Generally, when writing D bindings to C libraries, it’s a good idea to keep the same interface as the C library. But if the above is translated like the following in D:

alias mat4f = float[16];
extern(C) void do_stuff(mat4f);

The sixteen floats will be passed to do_stuff every time it’s called. The same for all functions that take a mat4f parameter. One solution is just to do the same as in the int[] case and declare the function to take a pointer. However, that’s no better than C, as it allows the function to be called with an array that has fewer elements than expected. We can’t do anything about that in the int[] case, but that will usually be accompanied by a length parameter on the C side anyway. C functions that take typedef’d types like mat4f usually don’t have a length parameter and rely on the caller to get it right.

In D, we can do better:

void do_stuff(ref mat4f);

Not only does this match the API implementor’s intent, the compiler will guarantee that any arrays passed to do_stuff are static float arrays with 16 elements. Since a ref parameter is just a pointer under the hood, all is as it should be on the C side.

With that, we can rewrite the f3 example:

extern(C) void f3(ref int[9]);

void main() {
    int[9] a = [10, 20, 30, 40, 50, 60, 70, 80, 90];


Most of the time, when interfacing with C from D, the C API declarations and any example code can be copied verbatim in D. But most of the time is not all of the time, so care must be taken to account for those exceptional cases. As we saw in the previous article, carelessness when declaring array variables can usually be caught by the compiler. As this article shows, the same is not the case for C function declarations. Interfacing D with C requires the same care as when writing C code.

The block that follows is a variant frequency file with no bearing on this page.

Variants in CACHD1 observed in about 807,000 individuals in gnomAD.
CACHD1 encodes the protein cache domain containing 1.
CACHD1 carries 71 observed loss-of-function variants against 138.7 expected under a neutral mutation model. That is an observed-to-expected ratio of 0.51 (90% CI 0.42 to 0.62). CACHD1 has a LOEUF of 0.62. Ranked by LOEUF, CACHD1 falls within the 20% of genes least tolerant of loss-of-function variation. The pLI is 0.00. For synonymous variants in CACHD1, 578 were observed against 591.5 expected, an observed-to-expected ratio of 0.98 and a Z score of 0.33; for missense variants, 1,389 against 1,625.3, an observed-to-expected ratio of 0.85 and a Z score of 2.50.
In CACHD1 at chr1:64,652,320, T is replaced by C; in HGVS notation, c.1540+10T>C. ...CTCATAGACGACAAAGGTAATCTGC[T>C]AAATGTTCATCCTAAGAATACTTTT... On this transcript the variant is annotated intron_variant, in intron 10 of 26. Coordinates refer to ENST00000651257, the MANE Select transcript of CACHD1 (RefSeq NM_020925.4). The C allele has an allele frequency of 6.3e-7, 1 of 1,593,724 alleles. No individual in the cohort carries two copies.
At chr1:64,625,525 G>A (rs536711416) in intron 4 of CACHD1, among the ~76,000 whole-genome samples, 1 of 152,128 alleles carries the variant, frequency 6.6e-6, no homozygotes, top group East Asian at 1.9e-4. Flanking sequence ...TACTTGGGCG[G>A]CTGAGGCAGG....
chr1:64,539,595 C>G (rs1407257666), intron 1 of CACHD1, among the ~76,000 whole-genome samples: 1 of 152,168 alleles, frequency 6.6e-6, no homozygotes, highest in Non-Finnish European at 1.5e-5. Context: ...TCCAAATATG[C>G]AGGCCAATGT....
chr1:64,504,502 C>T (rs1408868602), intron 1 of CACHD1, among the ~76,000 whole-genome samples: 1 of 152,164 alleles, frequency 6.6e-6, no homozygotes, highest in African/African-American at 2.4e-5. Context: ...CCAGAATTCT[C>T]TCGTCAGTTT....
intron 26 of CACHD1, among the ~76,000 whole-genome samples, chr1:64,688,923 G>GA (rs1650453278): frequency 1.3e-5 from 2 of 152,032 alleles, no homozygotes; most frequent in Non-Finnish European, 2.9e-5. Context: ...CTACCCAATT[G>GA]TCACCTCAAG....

In the next article in this series, we’ll look at mixing D strings and C strings in the same program and some of the pitfalls that may arise. In the meantime, Steven Schveighoffer’s excellent article, “D Slices”, is a great place to start for more details about D arrays.

Thanks to Walter Bright and Átila Neves for their valuable feedback on this article.

DustMite: The General-Purpose Data Reduction Tool

If you’ve been around for a while, or are a particularly adventurous developer who enjoys mixing language features in interesting ways, you may have run into one compiler bug or two:

Implementation bugs are inevitably a part of using cutting-edge programming languages. Should you run into one, the steps to proceed are generally as follows:

  1. Reduce the failing program to a minimal, self-contained example.
  2. Add a description of what happens and what you expect to happen.
  3. Post it on the bug tracker.

Nine years ago, an observation was made that when filing and fixing compiler bugs, a disproportionate amount of time was spent on the first step. When your program stops compiling “out of the blue”, or when the bug stops reproducing after the code is taken out of its context, manually paring down a large codebase by repeatedly cutting out code and checking if the bug still occurs becomes a tedious and repetitive task.

Fortunately, tedious and repetitive tasks are what computers are good for; they just have to be tricked into doing them, usually by writing a program. Enter DustMite.

The first version.

The basic operation is simple. The tool takes as inputs:

  • a data set to reduce (such as, a directory containing D source code which exhibits a particular compiler bug)
  • an oracle (or, more mundanely, a test script), which itself:
  • takes as input a variation of the data set, and
  • produces a yes-or-no answer on whether the input still satisfies the sought property (such as reproducing the particular compiler bug).